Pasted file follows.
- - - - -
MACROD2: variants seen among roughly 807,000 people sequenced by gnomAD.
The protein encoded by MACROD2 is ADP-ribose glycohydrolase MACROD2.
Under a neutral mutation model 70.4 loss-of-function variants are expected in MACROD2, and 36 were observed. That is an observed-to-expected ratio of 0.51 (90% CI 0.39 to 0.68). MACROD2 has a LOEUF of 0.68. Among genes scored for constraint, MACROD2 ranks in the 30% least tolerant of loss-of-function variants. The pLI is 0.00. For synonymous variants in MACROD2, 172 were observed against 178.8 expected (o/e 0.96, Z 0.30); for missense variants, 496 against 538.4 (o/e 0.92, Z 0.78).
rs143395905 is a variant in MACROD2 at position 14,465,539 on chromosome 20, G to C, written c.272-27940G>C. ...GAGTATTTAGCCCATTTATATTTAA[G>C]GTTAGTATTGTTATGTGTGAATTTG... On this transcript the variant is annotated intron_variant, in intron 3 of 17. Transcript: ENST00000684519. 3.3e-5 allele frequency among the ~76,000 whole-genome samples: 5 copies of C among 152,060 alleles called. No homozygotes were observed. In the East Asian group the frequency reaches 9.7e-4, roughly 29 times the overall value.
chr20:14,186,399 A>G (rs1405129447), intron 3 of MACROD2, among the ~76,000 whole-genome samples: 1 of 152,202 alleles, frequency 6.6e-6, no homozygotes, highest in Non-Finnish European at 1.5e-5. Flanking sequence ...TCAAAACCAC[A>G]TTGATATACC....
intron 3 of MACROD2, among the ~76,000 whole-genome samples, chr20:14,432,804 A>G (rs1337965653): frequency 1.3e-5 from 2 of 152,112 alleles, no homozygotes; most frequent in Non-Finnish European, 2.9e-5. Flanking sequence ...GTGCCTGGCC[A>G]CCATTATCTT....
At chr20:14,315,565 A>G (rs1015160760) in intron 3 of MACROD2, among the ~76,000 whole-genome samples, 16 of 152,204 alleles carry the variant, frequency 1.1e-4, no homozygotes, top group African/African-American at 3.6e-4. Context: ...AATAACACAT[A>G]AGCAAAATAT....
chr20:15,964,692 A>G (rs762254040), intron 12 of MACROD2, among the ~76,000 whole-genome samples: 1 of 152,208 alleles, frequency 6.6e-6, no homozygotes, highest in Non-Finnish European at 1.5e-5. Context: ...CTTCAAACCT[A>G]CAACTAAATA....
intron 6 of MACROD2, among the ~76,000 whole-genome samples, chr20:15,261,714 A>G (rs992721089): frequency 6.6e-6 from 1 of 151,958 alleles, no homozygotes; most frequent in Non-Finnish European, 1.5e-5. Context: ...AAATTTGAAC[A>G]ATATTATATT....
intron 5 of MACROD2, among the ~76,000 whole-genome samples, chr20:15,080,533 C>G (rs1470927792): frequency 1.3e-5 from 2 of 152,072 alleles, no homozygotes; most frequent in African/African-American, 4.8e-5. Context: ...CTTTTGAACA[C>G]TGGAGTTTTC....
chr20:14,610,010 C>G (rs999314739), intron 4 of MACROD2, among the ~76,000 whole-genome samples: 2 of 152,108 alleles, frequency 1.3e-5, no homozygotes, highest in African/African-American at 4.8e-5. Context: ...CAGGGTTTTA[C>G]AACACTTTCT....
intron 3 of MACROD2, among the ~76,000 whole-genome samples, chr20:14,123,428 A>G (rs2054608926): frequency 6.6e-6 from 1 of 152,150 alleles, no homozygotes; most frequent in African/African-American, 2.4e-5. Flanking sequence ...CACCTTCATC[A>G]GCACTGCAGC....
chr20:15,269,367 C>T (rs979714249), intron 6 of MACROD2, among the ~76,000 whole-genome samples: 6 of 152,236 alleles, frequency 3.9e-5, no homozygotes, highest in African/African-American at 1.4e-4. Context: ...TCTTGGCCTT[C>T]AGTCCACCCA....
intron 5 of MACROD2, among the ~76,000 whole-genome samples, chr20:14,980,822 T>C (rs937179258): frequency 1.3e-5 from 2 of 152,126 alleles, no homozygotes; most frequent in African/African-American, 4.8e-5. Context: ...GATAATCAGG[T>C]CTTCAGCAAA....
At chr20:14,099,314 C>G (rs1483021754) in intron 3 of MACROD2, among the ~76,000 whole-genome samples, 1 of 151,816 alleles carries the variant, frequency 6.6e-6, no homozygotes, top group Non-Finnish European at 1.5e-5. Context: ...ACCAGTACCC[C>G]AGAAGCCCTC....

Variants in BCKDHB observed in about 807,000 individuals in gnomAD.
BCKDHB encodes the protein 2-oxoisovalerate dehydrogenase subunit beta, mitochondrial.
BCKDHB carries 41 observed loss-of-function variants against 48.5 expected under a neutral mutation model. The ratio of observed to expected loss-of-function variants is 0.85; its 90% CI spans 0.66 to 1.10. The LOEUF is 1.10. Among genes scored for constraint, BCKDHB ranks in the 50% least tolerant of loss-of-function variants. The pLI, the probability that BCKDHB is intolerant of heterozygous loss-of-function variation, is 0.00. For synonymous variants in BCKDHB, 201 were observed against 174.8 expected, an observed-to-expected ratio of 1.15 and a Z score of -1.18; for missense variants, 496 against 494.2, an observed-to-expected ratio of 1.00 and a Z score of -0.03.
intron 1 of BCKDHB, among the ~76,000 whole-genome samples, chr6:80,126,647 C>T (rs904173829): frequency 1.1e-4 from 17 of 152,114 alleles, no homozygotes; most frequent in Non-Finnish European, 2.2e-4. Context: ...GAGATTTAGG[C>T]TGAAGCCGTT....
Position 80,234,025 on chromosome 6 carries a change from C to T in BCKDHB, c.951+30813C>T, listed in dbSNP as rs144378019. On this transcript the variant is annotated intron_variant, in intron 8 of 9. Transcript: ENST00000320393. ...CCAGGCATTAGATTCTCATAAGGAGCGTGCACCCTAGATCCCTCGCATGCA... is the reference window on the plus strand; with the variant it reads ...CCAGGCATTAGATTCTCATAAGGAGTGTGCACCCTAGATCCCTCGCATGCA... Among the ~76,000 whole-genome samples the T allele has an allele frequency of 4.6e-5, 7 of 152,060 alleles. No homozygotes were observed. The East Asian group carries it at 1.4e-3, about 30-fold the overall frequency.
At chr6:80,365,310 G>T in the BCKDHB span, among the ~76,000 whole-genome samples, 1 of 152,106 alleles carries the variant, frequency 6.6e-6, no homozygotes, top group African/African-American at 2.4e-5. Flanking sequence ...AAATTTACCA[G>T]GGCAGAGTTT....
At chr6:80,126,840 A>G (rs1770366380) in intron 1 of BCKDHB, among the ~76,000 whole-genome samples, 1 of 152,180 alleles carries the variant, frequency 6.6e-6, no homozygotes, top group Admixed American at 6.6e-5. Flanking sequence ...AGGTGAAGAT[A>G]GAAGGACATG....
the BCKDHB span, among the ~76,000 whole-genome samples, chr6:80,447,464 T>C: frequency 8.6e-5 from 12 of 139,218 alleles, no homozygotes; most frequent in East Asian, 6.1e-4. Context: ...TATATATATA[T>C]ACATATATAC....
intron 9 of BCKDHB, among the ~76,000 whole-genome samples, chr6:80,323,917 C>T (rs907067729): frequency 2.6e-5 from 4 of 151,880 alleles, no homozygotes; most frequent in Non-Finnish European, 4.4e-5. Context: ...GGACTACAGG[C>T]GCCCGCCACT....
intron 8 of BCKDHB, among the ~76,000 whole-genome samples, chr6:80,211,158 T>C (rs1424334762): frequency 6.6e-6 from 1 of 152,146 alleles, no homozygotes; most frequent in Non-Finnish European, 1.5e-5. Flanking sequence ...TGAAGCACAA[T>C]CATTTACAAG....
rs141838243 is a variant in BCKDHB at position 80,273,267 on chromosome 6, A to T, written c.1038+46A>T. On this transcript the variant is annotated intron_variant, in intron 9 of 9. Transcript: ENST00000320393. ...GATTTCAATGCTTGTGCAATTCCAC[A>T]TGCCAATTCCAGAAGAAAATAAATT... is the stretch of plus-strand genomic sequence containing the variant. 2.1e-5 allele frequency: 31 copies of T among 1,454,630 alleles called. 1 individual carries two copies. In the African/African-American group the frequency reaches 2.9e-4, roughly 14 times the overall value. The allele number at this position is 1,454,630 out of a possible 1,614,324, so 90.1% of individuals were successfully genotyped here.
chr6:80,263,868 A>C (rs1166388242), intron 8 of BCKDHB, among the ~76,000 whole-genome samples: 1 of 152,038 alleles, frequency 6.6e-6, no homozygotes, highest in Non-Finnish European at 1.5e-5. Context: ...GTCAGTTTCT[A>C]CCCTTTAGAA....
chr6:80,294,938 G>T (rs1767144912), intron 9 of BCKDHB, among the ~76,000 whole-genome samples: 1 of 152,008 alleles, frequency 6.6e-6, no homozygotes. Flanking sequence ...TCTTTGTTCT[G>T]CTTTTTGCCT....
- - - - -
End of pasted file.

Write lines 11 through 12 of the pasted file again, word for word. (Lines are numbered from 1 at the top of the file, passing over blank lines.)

chr20:14,610,010 C>G (rs999314739), intron 4 of MACROD2, among the ~76,000 whole-genome samples: 2 of 152,108 alleles, frequency 1.3e-5, no homozygotes, highest in African/African-American at 4.8e-5. Context: ...CAGGGTTTTA[C>G]AACACTTTCT....
intron 3 of MACROD2, among the ~76,000 whole-genome samples, chr20:14,123,428 A>G (rs2054608926): frequency 6.6e-6 from 1 of 152,150 alleles, no homozygotes; most frequent in African/African-American, 2.4e-5. Flanking sequence ...CACCTTCATC[A>G]GCACTGCAGC....